Shallowness over, onto the actual book. There are four point of view characters – three of them are the young women who found themselves pregnant after the Nightout, Keisha, Siobhan and Maida (there’s a fourth, Olivia, but we don’t get to see her pov), and the other is Morris, Keisha’s ex-boyfriend who proves to be more of a support than she could ever have expected, while also quite often being a terrible person. I liked him a lot as a character because of this – he knows he’s screwed up, multiple times, but he just keeps making mistakes, and he sees Keisha’s pregnancy as a chance to make things right – but much less as a person. I liked the different point of view chapters because it was incredibly interesting to see inside the character’s minds, and look at how they’re dealing with this terrible thing that has happened. Keisha and Siobhan feel violated, and neither of them want the babies growing at an astounding rate inside them, but Maida feels that her pregnancy gives her power and a purpose, and she is determined to do right by her child.

I loved the sci-fi/supernatural parts of the plot, but what I loved most was the way it shone a light on problems in our society, as all good sci-fi should do. The expectations of society for our teenagers, both positive and negative, teen pregnancy and slut-shaming, the way women who have been raped are so often not believed, the way we as a society too often abandon others. Keisha has worked hard to turn her life around after nearly being expelled, but as soon as people find out she is pregnant, she is abandoned and shamed. No-one bothers to find out how she’s feeling, no-one gives her the support she needs to get through this, other than those who have found themselves in the same position. Once the rumours start flying, she’s treated with suspicion, especially once it’s clear that her baby is growing much faster than it should be. Even her parents don’t really know what’s going on, and don’t really make any effort to find out – they’re all too willing to believe that Keisha has thrown her future away. The way the rest of the estate turns against Keisha, Siobhan, Maida and Olivia so quickly is genuinely frightening, because it’s so realistic.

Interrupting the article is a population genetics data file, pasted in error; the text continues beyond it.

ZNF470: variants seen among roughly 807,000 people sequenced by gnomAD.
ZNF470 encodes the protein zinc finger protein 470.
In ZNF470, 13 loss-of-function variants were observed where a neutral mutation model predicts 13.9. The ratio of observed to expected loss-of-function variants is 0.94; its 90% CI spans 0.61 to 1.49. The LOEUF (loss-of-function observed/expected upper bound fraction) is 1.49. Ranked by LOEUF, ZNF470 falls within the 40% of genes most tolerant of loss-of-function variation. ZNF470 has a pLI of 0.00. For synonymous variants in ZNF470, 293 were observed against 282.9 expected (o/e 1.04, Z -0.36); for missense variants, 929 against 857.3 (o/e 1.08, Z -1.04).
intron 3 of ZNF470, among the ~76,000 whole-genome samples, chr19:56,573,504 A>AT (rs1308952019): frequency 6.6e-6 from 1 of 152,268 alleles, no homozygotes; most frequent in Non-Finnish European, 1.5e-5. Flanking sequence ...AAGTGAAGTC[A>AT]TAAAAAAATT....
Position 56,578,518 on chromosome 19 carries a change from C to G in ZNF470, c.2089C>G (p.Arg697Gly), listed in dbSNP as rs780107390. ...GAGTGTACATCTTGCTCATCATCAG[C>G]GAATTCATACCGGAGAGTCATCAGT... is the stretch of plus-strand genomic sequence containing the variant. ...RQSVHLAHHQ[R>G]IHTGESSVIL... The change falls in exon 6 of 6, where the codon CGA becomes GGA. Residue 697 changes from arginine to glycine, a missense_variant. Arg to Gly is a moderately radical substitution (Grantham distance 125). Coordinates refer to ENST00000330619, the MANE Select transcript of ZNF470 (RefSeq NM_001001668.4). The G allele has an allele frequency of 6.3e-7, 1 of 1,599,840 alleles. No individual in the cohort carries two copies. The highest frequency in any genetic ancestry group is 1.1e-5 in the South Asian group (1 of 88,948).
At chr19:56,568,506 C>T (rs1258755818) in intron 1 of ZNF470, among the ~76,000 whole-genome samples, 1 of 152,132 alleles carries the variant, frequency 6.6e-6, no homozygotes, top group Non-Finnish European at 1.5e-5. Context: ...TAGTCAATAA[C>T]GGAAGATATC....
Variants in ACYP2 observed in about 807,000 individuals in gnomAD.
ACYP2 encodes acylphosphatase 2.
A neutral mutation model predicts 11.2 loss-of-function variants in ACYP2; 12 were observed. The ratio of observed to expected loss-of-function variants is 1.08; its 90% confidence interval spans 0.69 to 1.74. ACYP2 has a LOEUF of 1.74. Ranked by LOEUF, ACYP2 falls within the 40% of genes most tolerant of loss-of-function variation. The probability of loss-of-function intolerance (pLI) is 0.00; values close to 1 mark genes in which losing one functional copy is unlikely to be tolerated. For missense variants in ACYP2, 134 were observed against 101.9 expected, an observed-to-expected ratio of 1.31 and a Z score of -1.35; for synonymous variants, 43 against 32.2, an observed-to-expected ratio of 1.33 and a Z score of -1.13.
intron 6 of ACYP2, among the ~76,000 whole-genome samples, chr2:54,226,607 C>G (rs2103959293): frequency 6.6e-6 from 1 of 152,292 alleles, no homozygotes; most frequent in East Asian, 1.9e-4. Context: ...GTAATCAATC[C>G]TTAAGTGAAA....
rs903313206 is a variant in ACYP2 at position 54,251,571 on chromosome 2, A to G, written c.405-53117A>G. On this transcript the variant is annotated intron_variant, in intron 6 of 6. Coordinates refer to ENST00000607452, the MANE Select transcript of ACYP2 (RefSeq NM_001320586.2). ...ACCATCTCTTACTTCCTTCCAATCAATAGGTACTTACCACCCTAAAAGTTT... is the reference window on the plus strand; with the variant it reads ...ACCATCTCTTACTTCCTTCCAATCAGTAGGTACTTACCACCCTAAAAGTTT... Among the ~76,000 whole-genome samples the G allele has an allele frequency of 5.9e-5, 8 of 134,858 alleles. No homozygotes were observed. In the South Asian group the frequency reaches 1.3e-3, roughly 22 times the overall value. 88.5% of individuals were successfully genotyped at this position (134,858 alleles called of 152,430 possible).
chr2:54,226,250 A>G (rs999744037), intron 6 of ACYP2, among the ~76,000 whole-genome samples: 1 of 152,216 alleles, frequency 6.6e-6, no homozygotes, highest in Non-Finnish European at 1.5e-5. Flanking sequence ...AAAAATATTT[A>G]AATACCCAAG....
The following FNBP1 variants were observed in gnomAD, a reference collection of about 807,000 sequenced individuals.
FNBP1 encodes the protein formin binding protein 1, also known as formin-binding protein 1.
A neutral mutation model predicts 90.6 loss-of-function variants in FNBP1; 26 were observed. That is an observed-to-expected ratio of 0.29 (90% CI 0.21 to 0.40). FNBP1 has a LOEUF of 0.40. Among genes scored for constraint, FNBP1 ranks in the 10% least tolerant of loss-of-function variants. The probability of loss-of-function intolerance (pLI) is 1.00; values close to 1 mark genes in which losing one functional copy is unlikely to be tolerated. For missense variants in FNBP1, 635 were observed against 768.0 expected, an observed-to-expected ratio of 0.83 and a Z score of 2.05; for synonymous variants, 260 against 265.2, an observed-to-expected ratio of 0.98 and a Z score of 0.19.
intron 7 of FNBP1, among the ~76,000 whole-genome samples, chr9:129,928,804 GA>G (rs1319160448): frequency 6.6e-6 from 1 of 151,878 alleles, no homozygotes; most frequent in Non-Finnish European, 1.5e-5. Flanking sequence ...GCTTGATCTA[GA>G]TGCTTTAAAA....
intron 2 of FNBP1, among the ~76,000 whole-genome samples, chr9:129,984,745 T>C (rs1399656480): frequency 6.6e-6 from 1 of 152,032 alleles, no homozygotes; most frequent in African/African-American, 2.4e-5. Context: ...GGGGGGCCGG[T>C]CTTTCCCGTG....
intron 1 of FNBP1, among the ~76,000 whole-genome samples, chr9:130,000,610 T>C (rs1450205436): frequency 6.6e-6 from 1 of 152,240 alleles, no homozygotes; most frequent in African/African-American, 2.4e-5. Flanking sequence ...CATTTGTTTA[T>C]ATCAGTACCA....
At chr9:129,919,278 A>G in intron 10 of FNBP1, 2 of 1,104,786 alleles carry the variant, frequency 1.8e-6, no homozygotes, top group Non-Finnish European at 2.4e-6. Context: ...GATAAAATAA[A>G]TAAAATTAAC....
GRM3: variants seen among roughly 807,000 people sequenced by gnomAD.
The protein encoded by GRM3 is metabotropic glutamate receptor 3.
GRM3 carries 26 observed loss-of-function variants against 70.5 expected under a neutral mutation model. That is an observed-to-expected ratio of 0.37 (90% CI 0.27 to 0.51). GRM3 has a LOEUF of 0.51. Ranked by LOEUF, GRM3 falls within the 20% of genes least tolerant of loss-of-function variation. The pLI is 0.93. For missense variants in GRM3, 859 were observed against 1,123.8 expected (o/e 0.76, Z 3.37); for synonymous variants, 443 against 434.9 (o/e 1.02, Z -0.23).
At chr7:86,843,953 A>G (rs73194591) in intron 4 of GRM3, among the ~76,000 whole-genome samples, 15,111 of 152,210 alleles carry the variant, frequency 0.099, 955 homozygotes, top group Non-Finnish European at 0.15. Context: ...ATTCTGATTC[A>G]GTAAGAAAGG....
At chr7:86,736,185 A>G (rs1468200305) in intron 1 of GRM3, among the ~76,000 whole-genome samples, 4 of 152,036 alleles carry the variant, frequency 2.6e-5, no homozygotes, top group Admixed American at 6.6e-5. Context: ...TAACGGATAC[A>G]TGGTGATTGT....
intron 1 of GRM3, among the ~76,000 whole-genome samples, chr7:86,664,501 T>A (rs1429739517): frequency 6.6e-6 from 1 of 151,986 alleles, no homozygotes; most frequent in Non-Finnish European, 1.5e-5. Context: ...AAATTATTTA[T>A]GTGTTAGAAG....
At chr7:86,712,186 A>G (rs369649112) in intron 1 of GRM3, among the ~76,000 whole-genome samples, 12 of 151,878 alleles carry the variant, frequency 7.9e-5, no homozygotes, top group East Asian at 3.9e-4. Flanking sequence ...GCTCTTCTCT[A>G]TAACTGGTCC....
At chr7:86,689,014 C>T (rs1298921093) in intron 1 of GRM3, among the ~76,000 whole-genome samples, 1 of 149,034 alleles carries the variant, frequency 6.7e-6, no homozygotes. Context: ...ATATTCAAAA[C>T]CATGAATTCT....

Keisha was my favourite character, but my heart broke for Siobhan in so many ways. I felt a little less connected to Maida and Morris, but I thought they were all written brilliantly. I also really liked the way the characters we meet in the second half of the story were written, especially how we saw them develop. I also liked that all the characters had well developed families, and the background of those families made the actions of the main characters make perfect sense.

I really haven’t done The Fallen Children any justice at all this review. I’m so out of practice! My advice is to just read it. You don’t need any knowledge of John Wyndham’s original (although I highly recommend you go and read some of his books if you haven’t already, because you are missing out!), and this version of the story is a masterful retelling. I’m off to buy Owen’s first book, Panther, but leave me a comment and let me know what you think if you’ve read The Fallen Children!

4.5/5

Book Review: One Italian Summer

One Italian Summer by Keris Stainton is one of those books that grabs you in unexpected ways. I thought it would be a nice, summery, quick read, and while I knew it deals with loss, I thought that would probably be a secondary thing to the love story. What I got was so much more than that, and I LOVED it for it.

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It’s been a year since Milly, Elyse and Leonie’s dad died, and a year since their last trip to Rome. Summer’s here again, and once again they are heading with their mum to Italy – but what’s it going to be like going without Dad? Rome still holds its familiar charms – the sun is still as warm, the gelato as delicious, the people as welcoming. But nothing is quite as it once was …

With grief still raw for all of them, Milly is facing the additional awfulness of having to see Luke again – gorgeous, gorgeous Luke, who she had a fling with last year, and who she made a total fool of herself with – or so she thinks. What’s going to happen this time? What’s more, things between Milly, her sisters and their mum are rocky – Leonie is being tempestuous and unpredictable, Elyse is caught up with her new boyfriend, and Milly feels like she just doesn’t know how she fits in any more.

Over one Italian summer, can Milly find a way back to the life she once had?